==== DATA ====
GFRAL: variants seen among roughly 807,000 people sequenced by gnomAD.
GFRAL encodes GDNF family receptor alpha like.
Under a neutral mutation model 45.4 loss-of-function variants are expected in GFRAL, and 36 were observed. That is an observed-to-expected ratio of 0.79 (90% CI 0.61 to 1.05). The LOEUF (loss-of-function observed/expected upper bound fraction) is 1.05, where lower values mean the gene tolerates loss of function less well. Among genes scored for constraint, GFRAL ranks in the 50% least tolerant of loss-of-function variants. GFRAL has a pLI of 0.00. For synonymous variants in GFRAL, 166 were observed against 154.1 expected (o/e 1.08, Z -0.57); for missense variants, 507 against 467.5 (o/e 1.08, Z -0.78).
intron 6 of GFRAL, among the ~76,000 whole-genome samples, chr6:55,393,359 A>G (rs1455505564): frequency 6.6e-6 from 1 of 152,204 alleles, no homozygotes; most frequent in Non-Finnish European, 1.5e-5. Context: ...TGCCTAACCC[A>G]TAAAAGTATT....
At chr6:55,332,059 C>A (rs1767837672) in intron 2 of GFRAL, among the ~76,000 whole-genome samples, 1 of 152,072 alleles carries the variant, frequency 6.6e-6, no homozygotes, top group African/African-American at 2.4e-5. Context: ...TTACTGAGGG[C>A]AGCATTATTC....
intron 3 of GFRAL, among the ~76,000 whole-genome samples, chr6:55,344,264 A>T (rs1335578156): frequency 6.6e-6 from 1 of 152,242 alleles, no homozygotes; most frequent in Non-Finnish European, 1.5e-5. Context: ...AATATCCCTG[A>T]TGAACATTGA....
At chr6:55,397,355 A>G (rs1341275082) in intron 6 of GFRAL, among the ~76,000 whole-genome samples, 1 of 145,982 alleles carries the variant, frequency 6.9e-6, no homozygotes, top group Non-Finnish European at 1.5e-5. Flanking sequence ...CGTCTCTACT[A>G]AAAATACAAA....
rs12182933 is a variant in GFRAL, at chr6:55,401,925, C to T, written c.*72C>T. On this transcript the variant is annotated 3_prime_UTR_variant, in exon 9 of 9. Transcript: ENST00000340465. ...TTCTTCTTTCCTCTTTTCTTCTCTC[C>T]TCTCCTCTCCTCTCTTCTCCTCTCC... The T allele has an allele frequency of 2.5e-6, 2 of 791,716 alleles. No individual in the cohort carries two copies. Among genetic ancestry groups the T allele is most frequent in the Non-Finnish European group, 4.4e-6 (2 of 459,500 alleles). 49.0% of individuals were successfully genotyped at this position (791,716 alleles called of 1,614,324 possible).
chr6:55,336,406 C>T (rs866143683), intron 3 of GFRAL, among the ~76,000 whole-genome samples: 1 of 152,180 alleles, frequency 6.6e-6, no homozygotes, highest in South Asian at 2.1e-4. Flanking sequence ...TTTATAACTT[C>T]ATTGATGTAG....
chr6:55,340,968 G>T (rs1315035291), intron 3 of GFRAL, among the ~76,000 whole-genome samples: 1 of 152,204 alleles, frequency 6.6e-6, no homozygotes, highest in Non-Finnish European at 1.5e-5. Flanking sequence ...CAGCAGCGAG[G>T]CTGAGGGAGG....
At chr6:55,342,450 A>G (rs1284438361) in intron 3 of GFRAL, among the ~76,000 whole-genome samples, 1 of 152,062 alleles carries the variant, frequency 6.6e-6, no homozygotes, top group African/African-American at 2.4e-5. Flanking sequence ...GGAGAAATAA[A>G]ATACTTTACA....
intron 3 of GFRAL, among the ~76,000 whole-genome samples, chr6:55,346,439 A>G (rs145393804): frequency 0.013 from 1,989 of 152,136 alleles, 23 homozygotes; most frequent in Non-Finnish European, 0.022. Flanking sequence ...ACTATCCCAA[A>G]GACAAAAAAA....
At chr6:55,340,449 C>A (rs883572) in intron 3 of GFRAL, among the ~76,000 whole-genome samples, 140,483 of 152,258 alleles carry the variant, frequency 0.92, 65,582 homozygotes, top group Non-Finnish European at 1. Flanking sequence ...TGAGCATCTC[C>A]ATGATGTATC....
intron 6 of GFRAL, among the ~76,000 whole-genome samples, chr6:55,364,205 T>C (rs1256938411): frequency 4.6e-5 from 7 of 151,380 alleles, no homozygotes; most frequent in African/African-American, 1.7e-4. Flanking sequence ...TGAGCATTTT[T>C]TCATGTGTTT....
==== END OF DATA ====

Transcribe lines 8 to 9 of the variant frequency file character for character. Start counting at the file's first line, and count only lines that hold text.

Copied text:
rs12182933 is a variant in GFRAL, at chr6:55,401,925, C to T, written c.*72C>T. On this transcript the variant is annotated 3_prime_UTR_variant, in exon 9 of 9. Transcript: ENST00000340465. ...TTCTTCTTTCCTCTTTTCTTCTCTC[C>T]TCTCCTCTCCTCTCTTCTCCTCTCC... The T allele has an allele frequency of 2.5e-6, 2 of 791,716 alleles. No individual in the cohort carries two copies. Among genetic ancestry groups the T allele is most frequent in the Non-Finnish European group, 4.4e-6 (2 of 459,500 alleles). 49.0% of individuals were successfully genotyped at this position (791,716 alleles called of 1,614,324 possible).
chr6:55,336,406 C>T (rs866143683), intron 3 of GFRAL, among the ~76,000 whole-genome samples: 1 of 152,180 alleles, frequency 6.6e-6, no homozygotes, highest in South Asian at 2.1e-4. Flanking sequence ...TTTATAACTT[C>T]ATTGATGTAG....